Ukraine built Sokol-300 UAV capable of attacking Russian Arctic bases

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A new ammunition has entered service with the armed forces of Ukraine. The resource Ukraine Battle Map [UBM] reports on a newly developed long-range drone called Sokol-300. This drone is Ukrainian-made and “resembles the Bayraktar,” says UBM. 

    The Sokol-300 measures 8.5 meters in length, and with a full wingspan, it reaches up to 14 meters wide. The payload this drone is capable of carrying is up to 300 kg. According to the infographic posted on Twitter by UBM, the drone can reach a maximum altitude of just over 9 km and has a range of 3,300 km [2,000 miles]. However, UBM asserts that the maximum flight height is actually 12 km. 

    The Sokol-300’s range is indeed impressive. 3,300 km is the distance from the border point between Russia and Ukraine to at least 80 air bases located within the Russian Arctic Circle in Murmansk. There, Moscow has stationed a significant portion of its bombers, which are increasingly participating in airstrikes in Ukraine. Strategic bombers such as the T-95 and Tu-160 are also deployed in this part of Russia.

    More about Sokol-300

    The engineers from the “Luch” design bureau have designed an attack drone called “Sokol-300”, which can be powered by several types of engines. These include Ukrainian power plants MS-500-05C/CE and AI-450T2, as well as the Austrian Rotax 914. The drone’s take-off weight directly correlates to the type of engine installed. A modification of Sokol uses two types of engines: AI-450T2 and Rotax 914. 

    Its control system consists of an inertial block and laser gyroscopes, which were developed by the tool company “Arsenal”. The drone is equipped with RK-10, P2-M, and RK-2P missiles, capable of hitting targets at a distance of up to 10 km. In addition, the drone can carry a synthetic aperture radar along with a small radar station. When scanning the ground from a height of 5 kilometers, the radar’s accuracy is 30×30 cm. The “eyes” of the drone are formed by an optical-electronic station from the Barrier-B ATGM. 

    Video screenshot

    It is worth highlighting that not only does the drone’s take-off weight depend on the type of engine installed, but also its flight range. A modification equipped with the Ukrainian AP-450T2 engine can cover a distance of up to 1300 km. On the other hand, a drone powered by the Rotax 914 engine can extend its range up to 3300 km.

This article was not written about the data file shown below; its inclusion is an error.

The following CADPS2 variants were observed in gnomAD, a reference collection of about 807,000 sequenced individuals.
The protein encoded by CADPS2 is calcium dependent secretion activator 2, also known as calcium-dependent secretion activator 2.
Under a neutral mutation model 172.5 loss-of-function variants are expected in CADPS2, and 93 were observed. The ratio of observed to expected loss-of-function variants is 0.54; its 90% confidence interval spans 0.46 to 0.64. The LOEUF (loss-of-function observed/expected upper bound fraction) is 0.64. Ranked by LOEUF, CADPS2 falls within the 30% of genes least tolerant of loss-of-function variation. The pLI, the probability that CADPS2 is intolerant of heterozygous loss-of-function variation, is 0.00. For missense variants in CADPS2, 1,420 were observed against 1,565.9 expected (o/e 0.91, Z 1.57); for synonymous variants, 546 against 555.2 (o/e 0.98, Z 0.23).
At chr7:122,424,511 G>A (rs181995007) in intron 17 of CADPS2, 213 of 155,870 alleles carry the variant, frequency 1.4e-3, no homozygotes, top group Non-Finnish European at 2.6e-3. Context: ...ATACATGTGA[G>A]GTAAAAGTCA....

Similarities to Bayraktar

    According to official data, Ukraine received 50 Turkish Bayraktar-TB2 drones. They were actively used by the armed forces of Ukraine in 2022. However, Russian air defense managed to neutralize them, making the Bayraktar-TB2 absent from the battlefield for over a year now. 

    Photo credit: Bayraktar

    The similarity between Sokol-300 and Bayraktar-TB2 is not accidental. It’s known that Turkey and Ukraine have agreed to construct a Bayraktar production plant in Ukraine. Despite this news quieting down in the latter half of 2023, the agreement likely includes a knowledge transfer, which might have contributed to the development of the Sokol-300.

    Russia’s Murmansk is no longer safe

    The range of the Sokol-300 puts Russian bombers deployed in the far north at risk. They are increasingly being ordered to join the “special military operation” in Ukraine [a term Russia uses to describe the war in Ukraine]. As a result, the Russian Olenya airbase located on the Kola Peninsula could be a direct target of the new Ukrainian drone. Reports suggest that a large-scale Russian attack on February 7 was executed by nine bombers that took off from Olenya. 

    Photo credit: Wikipedia

    Satellite snapshots from February 6 reveal intriguing details. Apparently, nine Tu-95 bombers had been dispatched from Olenya, plotting a potential attack route over Ukraine that took them across the Caspian Sea and the Saratov region. Interestingly, subsequent satellite images from the next day, February 7, showed six out of the nine Tu-95s returning to Olenya. However, the whereabouts of the remaining three bombers remain unknown, suggesting they might have moved to different bases. 

    In a fascinating revelation, recent satellite images from February 7 divulged additional information. Along with the Tu-95, the Air Force had deployed no fewer than eight Tu-22M3 strategic bombers. Moreover, the Tu-134UBL, an impressive combination of training facility and combat aviation laboratory, was also put into action.

    Is it possible?

    Video screenshot

    Is it possible for the Sokol-300 to be used for distant arctic operations? No matter how “crazy” a Ukrainian decision sounds, it has a profound logic. The Russian army still seems under the impression that it is not at war. This presumption is evident from their actions towards protecting strategically important objects, such as airports. 

    A Russian A-50 was parked in Belarus and, to everyone’s surprise, a Ukrainian drone not only flew over it but also photographed it, and even landed on it before taking off again. But that’s only one aspect of the story. How many Russian energy refineries have been hit by drones in recent weeks? How many air bases of the Russian forces have been precisely targeted by drones? The answers to these questions are – quite a lot. This highlights a clear insouciance or a complete lack of experience and strategy on the Russian side, which affects not the offensive capabilities of the army, but its defensive ones.

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